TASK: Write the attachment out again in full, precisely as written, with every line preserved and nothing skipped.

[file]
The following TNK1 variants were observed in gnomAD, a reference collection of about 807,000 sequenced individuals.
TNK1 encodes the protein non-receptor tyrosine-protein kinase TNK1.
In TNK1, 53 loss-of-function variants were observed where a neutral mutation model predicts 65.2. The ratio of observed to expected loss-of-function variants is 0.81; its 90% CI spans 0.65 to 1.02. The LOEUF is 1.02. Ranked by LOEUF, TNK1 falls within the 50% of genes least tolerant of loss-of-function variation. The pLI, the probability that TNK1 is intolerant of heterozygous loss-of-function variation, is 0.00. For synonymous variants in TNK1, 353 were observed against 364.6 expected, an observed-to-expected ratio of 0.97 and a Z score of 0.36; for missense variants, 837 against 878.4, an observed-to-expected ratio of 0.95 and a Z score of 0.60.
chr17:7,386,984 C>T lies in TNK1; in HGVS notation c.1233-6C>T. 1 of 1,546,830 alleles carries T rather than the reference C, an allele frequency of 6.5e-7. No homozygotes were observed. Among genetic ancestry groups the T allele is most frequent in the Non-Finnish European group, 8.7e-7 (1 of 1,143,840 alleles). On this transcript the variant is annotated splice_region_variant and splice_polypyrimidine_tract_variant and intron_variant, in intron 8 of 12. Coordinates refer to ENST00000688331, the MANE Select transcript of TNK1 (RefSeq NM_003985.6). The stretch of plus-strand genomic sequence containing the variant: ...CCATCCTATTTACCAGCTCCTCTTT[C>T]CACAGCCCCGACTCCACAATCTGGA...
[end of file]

The following TNK1 variants were observed in gnomAD, a reference collection of about 807,000 sequenced individuals.
TNK1 encodes the protein non-receptor tyrosine-protein kinase TNK1.
In TNK1, 53 loss-of-function variants were observed where a neutral mutation model predicts 65.2. The ratio of observed to expected loss-of-function variants is 0.81; its 90% CI spans 0.65 to 1.02. The LOEUF is 1.02. Ranked by LOEUF, TNK1 falls within the 50% of genes least tolerant of loss-of-function variation. The pLI, the probability that TNK1 is intolerant of heterozygous loss-of-function variation, is 0.00. For synonymous variants in TNK1, 353 were observed against 364.6 expected, an observed-to-expected ratio of 0.97 and a Z score of 0.36; for missense variants, 837 against 878.4, an observed-to-expected ratio of 0.95 and a Z score of 0.60.
chr17:7,386,984 C>T lies in TNK1; in HGVS notation c.1233-6C>T. 1 of 1,546,830 alleles carries T rather than the reference C, an allele frequency of 6.5e-7. No homozygotes were observed. Among genetic ancestry groups the T allele is most frequent in the Non-Finnish European group, 8.7e-7 (1 of 1,143,840 alleles). On this transcript the variant is annotated splice_region_variant and splice_polypyrimidine_tract_variant and intron_variant, in intron 8 of 12. Coordinates refer to ENST00000688331, the MANE Select transcript of TNK1 (RefSeq NM_003985.6). The stretch of plus-strand genomic sequence containing the variant: ...CCATCCTATTTACCAGCTCCTCTTT[C>T]CACAGCCCCGACTCCACAATCTGGA...